The study focused is on ventilator- associated pneumonia as one of the major risks of patients requiring mechanical breathing support. outstudy findings include that the prevention of ventilator-associated pneumonia is hampered by: Nurses' limited professional knowledge, Inadequate professional responsibility about their conduct, poor job motivation, unfavourable working environment including staff heavy workload and inadequate equipment in the critical care setting (Atashi et al, 2018).

A major strength of the article is that it presents complex data on the factors that affect the prevention of ventilator-associated pneumonia in a simplified way. the authors group the factors into three groups namely minimal professional capacity, unfavourable environmental settings, and unreceptive human resource factors. The article also includes data drawn from nurses working in the critical care environment who have first-hand information on the hindrances to ventilator-associated pneumonia prevention.

Strategy Search Matrix

Before the data was analysed, the authors performed a credibility evaluation through an established audit trial. They sent a sample of the interview questions, responses, and coding to external researchers who verified the entire process (Atashi et al, 2018). The action was imperative in eliminating bias in the study and enhancing the validity of the results.

The study also avoided representation bias by including nurses form different gender and age-groups. Notably, practitioners in the critical care setting may have different experiences due to entrenched age and gender characteristics (Atashi et al, 2018). The inclusion facilitated the collection of highly representative data.

Additionally, since the study assumed a qualitative design, it enabled the researchers to focus of on subjective data before sorting and coding it to derive refined results making this level VI evidence.

The three articles selected to address this EB project involved a randomized control trial, a systematic review and a qualitative descriptive design. They are used to generate highest levels of evidence. The objective of the systematic review was to establish the impact of chlorhexidine at varying frequency and concentration on ventilator-associated pneumonia and microbial colonization in patients who are ventilated mechanically. The objective of the qualitative descriptive design was to establish the viewpoints of Iranian critical care nurses on the hindrances towards the prevention of ventilator-associated pneumonia in intensive care units. The randomized control trial study focused on comparing the impact of the use of 0.12% CHX for oral care in preventing VAT and VAP with the placebo group. It also intended to compare its impact on oral health and oral microbial colonization prevention with the placebo group. The articles had distinct objectives that were all focused on understanding the the impact of the oral chlorhexidine use on the rate of ventilator associated pneumonia occurrences. Considering that there are a lot of past studies focusing on chlorhexidine and ventilator associated pneumonia and thus exclusion criteria was used to determine the most desirable articles.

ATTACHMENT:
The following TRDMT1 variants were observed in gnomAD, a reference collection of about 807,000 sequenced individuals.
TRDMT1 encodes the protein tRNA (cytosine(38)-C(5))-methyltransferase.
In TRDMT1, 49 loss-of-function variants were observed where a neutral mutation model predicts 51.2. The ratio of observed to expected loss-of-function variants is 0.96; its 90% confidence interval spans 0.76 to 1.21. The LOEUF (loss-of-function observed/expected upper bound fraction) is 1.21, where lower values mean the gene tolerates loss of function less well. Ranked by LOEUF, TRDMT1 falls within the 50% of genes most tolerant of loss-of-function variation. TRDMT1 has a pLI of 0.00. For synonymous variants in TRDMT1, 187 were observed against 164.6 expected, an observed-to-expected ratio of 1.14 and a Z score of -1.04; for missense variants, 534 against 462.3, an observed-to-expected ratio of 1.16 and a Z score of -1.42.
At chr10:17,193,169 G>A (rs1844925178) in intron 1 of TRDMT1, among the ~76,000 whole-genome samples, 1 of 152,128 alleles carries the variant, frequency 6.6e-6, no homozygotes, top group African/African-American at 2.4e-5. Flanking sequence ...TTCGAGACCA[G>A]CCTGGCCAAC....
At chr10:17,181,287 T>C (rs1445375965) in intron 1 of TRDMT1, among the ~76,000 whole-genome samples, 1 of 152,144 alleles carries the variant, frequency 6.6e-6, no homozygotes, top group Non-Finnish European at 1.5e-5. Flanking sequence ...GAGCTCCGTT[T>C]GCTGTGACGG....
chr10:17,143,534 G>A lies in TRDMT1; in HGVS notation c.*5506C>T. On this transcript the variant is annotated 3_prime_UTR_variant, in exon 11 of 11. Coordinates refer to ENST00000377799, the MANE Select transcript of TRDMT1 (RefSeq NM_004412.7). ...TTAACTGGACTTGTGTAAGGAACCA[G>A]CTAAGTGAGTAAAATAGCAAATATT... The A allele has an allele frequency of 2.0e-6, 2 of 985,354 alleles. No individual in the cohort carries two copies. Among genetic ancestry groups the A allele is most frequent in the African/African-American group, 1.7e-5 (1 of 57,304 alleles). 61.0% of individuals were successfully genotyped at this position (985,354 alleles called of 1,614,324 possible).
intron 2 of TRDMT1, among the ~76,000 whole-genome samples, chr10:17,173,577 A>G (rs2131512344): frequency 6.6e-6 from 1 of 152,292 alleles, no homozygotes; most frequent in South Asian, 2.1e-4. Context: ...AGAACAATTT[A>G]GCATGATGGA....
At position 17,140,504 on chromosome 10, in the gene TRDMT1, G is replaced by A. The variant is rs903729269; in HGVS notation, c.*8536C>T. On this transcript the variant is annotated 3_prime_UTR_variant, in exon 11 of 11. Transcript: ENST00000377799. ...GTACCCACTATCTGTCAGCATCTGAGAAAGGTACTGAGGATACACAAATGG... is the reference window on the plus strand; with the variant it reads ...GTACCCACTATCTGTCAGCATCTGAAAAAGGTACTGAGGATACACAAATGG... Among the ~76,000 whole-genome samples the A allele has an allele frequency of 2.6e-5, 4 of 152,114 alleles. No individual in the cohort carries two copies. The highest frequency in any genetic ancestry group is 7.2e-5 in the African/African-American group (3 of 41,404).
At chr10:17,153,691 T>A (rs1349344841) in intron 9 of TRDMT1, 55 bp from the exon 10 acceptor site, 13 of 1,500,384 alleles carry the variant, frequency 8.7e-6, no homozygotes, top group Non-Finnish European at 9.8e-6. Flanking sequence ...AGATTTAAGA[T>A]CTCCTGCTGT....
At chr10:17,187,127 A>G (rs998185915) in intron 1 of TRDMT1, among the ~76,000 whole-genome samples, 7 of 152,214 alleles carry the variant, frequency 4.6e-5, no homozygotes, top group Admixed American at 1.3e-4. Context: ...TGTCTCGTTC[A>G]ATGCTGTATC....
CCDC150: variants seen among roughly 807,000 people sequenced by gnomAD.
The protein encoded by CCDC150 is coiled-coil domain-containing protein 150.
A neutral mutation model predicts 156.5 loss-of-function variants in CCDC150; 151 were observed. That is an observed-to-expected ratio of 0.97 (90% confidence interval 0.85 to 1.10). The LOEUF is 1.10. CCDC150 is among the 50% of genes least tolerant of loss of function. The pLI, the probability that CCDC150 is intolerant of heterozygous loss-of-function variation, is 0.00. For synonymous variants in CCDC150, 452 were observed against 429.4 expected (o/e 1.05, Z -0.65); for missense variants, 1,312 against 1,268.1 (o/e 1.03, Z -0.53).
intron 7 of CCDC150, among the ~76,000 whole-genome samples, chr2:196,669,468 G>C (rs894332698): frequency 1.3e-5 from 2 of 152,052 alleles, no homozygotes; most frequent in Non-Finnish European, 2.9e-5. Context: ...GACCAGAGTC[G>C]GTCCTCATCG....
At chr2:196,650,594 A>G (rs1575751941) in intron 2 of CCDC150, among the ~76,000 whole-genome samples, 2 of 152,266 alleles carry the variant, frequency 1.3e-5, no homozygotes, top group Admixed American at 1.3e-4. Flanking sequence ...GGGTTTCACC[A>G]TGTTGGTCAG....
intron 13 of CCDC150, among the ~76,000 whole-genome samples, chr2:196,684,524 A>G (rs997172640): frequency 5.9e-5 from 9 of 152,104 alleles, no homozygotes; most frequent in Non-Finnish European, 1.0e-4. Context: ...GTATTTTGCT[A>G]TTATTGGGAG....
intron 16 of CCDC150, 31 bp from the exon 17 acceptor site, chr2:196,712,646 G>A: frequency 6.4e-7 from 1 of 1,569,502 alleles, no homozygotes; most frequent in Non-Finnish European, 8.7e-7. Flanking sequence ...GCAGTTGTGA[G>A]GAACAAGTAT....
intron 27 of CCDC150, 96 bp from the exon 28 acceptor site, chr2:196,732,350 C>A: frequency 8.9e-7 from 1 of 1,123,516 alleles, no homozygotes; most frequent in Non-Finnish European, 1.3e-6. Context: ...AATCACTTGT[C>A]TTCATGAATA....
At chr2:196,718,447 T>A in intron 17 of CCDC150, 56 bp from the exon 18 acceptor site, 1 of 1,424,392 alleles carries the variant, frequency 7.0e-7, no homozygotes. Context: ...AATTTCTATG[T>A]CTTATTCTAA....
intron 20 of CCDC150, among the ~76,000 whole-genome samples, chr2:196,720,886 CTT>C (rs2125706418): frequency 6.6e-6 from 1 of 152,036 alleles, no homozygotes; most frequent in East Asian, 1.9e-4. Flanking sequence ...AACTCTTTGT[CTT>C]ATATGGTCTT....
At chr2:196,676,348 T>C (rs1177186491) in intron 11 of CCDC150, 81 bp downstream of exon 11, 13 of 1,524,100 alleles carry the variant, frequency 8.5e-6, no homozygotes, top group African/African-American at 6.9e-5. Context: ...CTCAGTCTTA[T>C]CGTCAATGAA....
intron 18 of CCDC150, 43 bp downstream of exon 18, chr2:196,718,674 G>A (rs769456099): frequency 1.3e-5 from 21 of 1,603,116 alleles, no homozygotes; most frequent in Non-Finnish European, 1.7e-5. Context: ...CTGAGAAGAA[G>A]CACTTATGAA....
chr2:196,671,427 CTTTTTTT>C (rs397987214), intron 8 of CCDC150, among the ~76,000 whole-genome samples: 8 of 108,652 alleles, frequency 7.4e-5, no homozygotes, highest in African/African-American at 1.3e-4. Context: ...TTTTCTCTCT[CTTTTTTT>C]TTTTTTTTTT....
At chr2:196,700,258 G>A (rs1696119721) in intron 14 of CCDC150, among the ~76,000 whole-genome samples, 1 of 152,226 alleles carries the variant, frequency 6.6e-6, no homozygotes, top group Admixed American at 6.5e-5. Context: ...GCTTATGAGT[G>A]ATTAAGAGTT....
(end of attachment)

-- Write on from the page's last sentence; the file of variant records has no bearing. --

The findings from the three articles indicated almost similar outcomes with regards to the impact of the oral chlorhexidine use on the rate of ventilator associated pneumonia occurrences. The first article found that CHX effectively reduces microbial colonization in patients ventilated mechanically. The research concluded that CHX gluconate 0.12% used for oral care three times each day is an important prevention intervention. It also emerged that the adoption of 0.12% CHX for oral care can be appropriate for the prevention of VAP and lowering microbial colonization in the patients. The second article established that 0.2% chlorhexidine concentration has increased effectiveness in VAP prevention and treatment, whereas 2% chlorhexidine is highly appropriate in lowering microbial colonization. Application of CHX two times a day seems to be efficient in VAP management and lowering microbial colonization. The review used high quality evidence. A inclusive and detailed search strategy and the assessment of the operational quality of the research works involved was the systematic review strengths. The third article found that a lot of wide differences of hindrances to ventilator associated pneumonia prevention in intensive care units, most of it being related to Nurses limited professional competence.